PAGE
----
“The research also revealed that each of the organizations profiled had senior-level support that served as a strong organizational driver in their health promotion strategies,” said Wolf Kirsten, president, IHC. To illustrate this point, the report highlights the commitment of several of the companies’ senior executives who strive to lead by example, such as the Novo Nordisk CEO who participates in an annual 105-mile bike ride with a group of 20 employees selected by lottery each year.
Additional research in the report looks at regional and cultural challenges, employee communication strategies, the use of technology in wellness, the influence of corporate culture, motivating and measuring employee participation, tracking global program metrics and scorecards, and emerging areas of focus in global health promotion.
The full report is available to the media at no cost by contacting Ed Gadowski at Edward.Gadowski@buckconsultants.com. It is available to other interested parties for $200 from Buck’s Global Survey Resources, and can be ordered online at http://www.bucksurveys.com.
In addition, results from Buck’s Fifth Edition Global Survey of Health Promotion and Workplace Wellness Strategies are expected in Fall 2012.
About the Research Partners
Buck Consultants, A Xerox Company, is a leader in human resource and benefits consulting with more than 1,500 professionals worldwide. Founded in 1916 to advise clients in establishing and funding some of the nation’s first public and private retirement programs, Buck is an innovator in the areas of retirement benefits, health and welfare programs, talent and human resources solutions, compensation, and employee communication. News and other information about Buck Consultants are available at http://www.buckconsultants.com.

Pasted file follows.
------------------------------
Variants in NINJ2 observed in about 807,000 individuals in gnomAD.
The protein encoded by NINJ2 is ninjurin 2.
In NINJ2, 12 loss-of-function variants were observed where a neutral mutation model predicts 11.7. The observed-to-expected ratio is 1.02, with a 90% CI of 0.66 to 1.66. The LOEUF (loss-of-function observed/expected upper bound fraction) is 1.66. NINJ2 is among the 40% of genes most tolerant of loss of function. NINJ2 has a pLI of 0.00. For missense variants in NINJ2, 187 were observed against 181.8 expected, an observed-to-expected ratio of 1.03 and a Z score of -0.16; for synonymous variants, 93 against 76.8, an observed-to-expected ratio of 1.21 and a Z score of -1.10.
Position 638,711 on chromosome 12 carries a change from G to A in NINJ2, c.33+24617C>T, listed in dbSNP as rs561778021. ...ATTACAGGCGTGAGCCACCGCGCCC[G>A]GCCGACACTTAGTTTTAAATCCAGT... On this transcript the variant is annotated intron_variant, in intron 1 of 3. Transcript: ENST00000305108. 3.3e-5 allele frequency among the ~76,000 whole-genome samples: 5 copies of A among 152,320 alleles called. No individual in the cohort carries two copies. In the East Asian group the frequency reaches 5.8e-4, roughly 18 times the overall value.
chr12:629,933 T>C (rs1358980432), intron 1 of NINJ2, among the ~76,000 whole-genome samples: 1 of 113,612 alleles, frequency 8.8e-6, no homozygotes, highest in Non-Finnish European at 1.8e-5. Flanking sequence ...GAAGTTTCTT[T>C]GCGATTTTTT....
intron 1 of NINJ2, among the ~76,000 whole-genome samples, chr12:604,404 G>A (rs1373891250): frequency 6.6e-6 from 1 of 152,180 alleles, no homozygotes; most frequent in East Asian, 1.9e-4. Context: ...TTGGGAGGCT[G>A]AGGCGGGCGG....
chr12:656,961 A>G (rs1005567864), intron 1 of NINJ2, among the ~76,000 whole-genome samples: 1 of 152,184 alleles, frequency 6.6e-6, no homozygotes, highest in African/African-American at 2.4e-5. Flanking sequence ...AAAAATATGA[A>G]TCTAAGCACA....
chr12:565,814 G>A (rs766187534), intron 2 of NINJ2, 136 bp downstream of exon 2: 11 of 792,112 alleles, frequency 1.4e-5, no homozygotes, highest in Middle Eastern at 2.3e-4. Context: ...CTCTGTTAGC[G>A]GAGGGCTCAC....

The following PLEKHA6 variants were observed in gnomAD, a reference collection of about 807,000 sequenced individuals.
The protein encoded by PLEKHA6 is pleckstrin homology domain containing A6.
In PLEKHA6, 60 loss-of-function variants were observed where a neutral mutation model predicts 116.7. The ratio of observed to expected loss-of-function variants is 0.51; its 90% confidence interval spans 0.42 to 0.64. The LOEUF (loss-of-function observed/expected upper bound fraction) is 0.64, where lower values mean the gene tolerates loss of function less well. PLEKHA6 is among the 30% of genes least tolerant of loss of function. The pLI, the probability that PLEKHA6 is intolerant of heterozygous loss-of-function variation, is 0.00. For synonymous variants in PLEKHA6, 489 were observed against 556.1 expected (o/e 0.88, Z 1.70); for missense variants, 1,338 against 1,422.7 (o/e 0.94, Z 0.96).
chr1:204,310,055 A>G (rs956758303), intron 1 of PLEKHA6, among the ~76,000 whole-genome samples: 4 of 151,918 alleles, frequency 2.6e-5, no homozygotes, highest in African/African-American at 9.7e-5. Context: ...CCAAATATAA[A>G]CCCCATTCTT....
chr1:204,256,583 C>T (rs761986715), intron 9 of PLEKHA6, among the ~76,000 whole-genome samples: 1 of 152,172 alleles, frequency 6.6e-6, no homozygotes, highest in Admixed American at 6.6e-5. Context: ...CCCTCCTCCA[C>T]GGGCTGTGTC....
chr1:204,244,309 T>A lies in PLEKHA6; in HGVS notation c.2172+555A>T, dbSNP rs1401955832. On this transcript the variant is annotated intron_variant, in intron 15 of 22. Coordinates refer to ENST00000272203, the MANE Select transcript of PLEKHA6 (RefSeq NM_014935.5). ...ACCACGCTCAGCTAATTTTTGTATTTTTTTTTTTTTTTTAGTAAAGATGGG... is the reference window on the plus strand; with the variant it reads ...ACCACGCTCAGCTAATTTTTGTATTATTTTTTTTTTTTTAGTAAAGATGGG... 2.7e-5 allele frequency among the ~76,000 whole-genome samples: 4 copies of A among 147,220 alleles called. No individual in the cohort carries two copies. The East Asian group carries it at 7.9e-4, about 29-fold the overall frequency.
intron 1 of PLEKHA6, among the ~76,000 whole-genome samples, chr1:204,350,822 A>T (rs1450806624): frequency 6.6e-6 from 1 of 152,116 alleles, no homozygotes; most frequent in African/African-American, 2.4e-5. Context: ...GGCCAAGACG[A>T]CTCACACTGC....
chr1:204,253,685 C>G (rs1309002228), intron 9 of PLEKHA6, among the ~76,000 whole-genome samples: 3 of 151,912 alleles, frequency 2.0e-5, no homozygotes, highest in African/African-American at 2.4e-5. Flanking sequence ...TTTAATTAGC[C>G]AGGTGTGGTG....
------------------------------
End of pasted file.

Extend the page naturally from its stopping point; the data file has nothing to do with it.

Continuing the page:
With sales approaching $23 billion, Xerox (NYSE: XRX) is the world’s leading enterprise for business process and document management. Its technology, expertise and services enable workplaces – from small businesses to large global enterprises – to simplify the way work gets done so they operate more effectively and focus more on what matters most: their real business. Headquartered in Norwalk, Conn., Xerox offers business process outsourcing and IT outsourcing services, including data processing, healthcare solutions, HR benefits management, finance support, transportation solutions, and customer relationship management services for commercial and government organizations worldwide. The company also provides extensive leading-edge document technology, services, software and genuine Xerox supplies for graphic communication and office printing environments of any size. The 140,000 people of Xerox serve clients in more than 160 countries. For more information, visit http://www.xerox.com, http://news.xerox.com or http://www.realbusiness.com. For investor information, visit http://www.xerox.com/investor.
Wolf Kirsten International Health Consulting (IHC) is an independent consultancy with locations in central Europe and the United States that helps organizations with the development, implementation and evaluation of workplace health promotion programs, specializing in global strategies and culturally-adapted programming for multi-national companies.
Integrated Health, a Pfizer Solution, is focused on improving patient health and reducing wasted costs for payers, employers and healthcare providers. Integrated Health builds on Pfizer’s legacy of health system innovation to deliver new customized prevention and disease solutions, patient engagement and behavior modification programs and real world analytics and outcomes measurement offerings to improve global health through integrated care.
Ed Gadowski, Buck Consultants, A Xerox Company, +1-201-838-7262, Edward.Gadowski@buckconsultants.com
Nicole Pavlas, Text 100 for Buck Consultants, +1-585-697-2620, email@example.com